For the 24.95 million people who tuned in to watch the Grammy Awards on CBS last week, an advertisement from Hilton may have stood out — especially if they were travel agents.
In the ad, Hilton Worldwide made it clear to potential guests to “stop clicking around,” explicitly saying that the lowest guaranteed rate at a Hilton can only be found in one place: Hilton.com.
The spot marked the launch of the McLean, Virginia-based hospitality company’s largest-ever marketing campaign, and was another firing shot in Hilton’s battle to reclaim its market share from third-party distribution channels. By touting the benefits of booking direct and bypassing sites like Expedia and Booking.com, Hilton is going after rate parity and most-favored nation clauses, and attempting to collect revenue that would otherwise go toward commissions paid to third-party sites and travel agents.
Those commission rates paid by hotels to online travel agencies can range widely from 10 to 30 percent, and hotels have long had a love-hate relationship with online travel agencies (OTAs). While they help hotels fill rooms, the sites can also eat into hotel revenues. By Hilton’s estimates, some 57 billion Hilton HHonors Points—or 1.6 million free room nights—went unearned last year because guests booked their stays through a third party.
As early as last year, Hilton already began chipping away at the commission rates paid to agencies like Expedia and Booking.com. Last year, Hilton negotiated for the right to lower commissions and earlier this year, the company tested out offering exclusive HHonors discounts of up to 10 percent off published rates at select hotels and brands in certain destinations. Now that Hilton has won concessions to offer lower rates to loyalty members openly on an ongoing basis—and not just through email—it’s running with it in this new campaign. Hilton, along with InterContinental Hotels Group, has also held out from partnering with TripAdvisor on its Instant Booking feature.
With the launch of “Stop Clicking Around,” Hilton extended those exclusive HHonors discounts to more than 4,500 hotels around the globe. The fact that those discounts apply at nearly 98 percent of Hilton’s entire global portfolio, and the fact that this campaign is the largest ever launched by Hilton in its 97-year history make it clear that Hilton is very serious about taking back market share from sites like Booking.com and Expedia.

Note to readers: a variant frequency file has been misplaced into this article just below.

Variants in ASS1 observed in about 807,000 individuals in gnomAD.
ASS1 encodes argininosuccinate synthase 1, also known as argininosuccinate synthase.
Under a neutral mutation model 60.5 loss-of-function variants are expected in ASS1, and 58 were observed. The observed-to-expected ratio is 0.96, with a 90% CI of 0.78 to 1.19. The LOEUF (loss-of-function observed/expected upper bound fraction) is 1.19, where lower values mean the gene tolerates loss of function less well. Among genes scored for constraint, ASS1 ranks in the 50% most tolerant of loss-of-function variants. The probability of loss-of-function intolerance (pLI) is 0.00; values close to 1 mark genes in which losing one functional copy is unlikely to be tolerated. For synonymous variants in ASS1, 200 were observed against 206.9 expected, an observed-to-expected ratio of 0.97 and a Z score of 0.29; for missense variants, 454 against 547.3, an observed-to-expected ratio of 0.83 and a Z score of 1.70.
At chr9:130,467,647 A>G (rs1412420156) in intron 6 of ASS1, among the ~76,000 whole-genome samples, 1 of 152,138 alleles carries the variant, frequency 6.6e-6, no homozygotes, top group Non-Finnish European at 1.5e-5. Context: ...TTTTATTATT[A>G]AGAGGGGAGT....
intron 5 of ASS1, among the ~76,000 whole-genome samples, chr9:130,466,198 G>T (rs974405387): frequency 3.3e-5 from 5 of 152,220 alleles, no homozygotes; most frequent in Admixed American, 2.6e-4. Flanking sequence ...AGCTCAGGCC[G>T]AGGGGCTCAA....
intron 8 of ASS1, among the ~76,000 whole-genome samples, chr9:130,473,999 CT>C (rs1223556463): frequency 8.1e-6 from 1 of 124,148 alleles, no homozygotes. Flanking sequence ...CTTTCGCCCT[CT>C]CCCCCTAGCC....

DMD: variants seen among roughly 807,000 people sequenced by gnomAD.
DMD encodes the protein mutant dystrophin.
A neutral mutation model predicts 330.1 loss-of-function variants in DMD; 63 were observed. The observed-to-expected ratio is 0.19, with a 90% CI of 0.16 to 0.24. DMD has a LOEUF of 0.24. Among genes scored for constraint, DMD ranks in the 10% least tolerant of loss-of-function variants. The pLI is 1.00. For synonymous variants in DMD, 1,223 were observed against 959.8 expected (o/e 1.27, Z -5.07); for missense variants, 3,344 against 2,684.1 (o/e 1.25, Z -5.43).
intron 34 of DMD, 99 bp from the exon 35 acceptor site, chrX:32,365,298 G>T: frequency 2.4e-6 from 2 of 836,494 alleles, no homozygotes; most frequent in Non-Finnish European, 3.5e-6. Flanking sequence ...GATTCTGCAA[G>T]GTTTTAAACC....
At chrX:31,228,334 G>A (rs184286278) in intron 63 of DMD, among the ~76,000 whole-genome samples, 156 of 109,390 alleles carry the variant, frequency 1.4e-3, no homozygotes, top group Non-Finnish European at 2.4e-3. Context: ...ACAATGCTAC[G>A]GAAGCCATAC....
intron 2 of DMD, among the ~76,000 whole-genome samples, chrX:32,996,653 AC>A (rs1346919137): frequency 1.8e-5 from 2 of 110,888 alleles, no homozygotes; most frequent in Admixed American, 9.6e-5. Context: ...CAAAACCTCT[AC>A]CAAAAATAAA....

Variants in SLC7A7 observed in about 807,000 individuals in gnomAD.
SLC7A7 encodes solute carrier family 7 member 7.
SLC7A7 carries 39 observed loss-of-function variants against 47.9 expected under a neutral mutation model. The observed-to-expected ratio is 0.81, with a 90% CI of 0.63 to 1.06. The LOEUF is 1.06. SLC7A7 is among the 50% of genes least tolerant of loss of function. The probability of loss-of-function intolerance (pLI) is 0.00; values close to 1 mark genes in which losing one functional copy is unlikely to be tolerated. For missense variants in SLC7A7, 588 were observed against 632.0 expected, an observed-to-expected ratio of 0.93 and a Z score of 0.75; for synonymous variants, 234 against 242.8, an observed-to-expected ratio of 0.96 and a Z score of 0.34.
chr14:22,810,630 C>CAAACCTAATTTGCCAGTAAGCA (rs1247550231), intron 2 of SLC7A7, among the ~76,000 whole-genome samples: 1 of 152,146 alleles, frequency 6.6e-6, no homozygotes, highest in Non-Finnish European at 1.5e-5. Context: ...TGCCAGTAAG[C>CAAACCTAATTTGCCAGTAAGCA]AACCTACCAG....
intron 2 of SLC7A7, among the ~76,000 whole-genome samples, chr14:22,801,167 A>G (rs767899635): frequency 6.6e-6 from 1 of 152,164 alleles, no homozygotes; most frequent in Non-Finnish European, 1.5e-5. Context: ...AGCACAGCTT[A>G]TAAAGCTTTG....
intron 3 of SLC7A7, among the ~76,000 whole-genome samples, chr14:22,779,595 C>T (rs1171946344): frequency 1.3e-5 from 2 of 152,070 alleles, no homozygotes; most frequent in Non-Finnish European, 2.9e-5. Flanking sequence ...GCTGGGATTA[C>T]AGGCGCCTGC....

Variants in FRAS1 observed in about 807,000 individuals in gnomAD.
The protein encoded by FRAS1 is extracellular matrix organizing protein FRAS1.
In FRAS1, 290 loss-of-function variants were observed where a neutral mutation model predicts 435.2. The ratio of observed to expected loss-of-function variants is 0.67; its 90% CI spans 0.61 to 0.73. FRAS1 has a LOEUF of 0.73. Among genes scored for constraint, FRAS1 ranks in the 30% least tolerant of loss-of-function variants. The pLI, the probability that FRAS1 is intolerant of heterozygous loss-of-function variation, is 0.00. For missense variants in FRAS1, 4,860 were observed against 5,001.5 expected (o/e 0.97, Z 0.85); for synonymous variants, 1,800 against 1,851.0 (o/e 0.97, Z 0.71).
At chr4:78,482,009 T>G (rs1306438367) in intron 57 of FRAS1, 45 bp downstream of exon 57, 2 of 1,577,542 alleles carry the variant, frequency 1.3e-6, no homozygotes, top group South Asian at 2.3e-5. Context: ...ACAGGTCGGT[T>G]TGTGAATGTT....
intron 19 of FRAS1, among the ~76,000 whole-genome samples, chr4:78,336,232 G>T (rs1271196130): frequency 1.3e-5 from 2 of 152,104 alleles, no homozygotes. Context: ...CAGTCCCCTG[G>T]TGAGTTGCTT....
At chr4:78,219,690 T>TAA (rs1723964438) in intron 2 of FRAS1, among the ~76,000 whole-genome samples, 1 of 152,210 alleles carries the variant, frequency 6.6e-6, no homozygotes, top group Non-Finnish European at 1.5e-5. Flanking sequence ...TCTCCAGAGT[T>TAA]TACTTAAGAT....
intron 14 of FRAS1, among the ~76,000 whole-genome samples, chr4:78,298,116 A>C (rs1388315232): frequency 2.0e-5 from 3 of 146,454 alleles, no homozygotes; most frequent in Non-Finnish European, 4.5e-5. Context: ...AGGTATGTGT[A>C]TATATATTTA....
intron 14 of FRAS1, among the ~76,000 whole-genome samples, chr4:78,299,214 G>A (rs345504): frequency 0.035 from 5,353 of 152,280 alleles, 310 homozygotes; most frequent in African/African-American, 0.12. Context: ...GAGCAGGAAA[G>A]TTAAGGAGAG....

In addition to offering the lowest rates available, the campaign is incentivizing guests to not only book direct but to also become Hilton HHonors members if they aren’t already. Members earn HHonors Points that can go toward complimentary room nights, free Wi-Fi, digital check-in with room selection, digital room keys, and exclusive events and experiences like Live Nation concerts or private dining experiences.
Emphasizing value and changing long-held customer perceptions that the lowest rates are only available on online travel agencies are the campaign’s main objectives. “The message is that there’s a lot of value to be had,” said Mark Weinstein, global head of customer engagement, loyalty, and partnerships at Hilton Worldwide. “We can offer a lot more of a personalized experience if you engage with us directly.”
Weinstein added, “The reality is that you can’t get a lower price elsewhere. We’re taking years of misconceptions and misinformation and really educating consumers and letting them know about these benefits for being an HHonors member … It was time to connect with consumers and tell them about those experiences, and be a bit bigger and be a bit bolder.”
Marketing to All Ages
While Hilton won’t disclose exactly how much this global campaign costs, it worked with London-based Fold7 to design broadcast, billboard, and digital advertisements, some of which feature The Rolling Stones’ famous tune, “I Can’t Get No Satisfaction” and show a range of different travelers, from businessmen and women to kids and couples.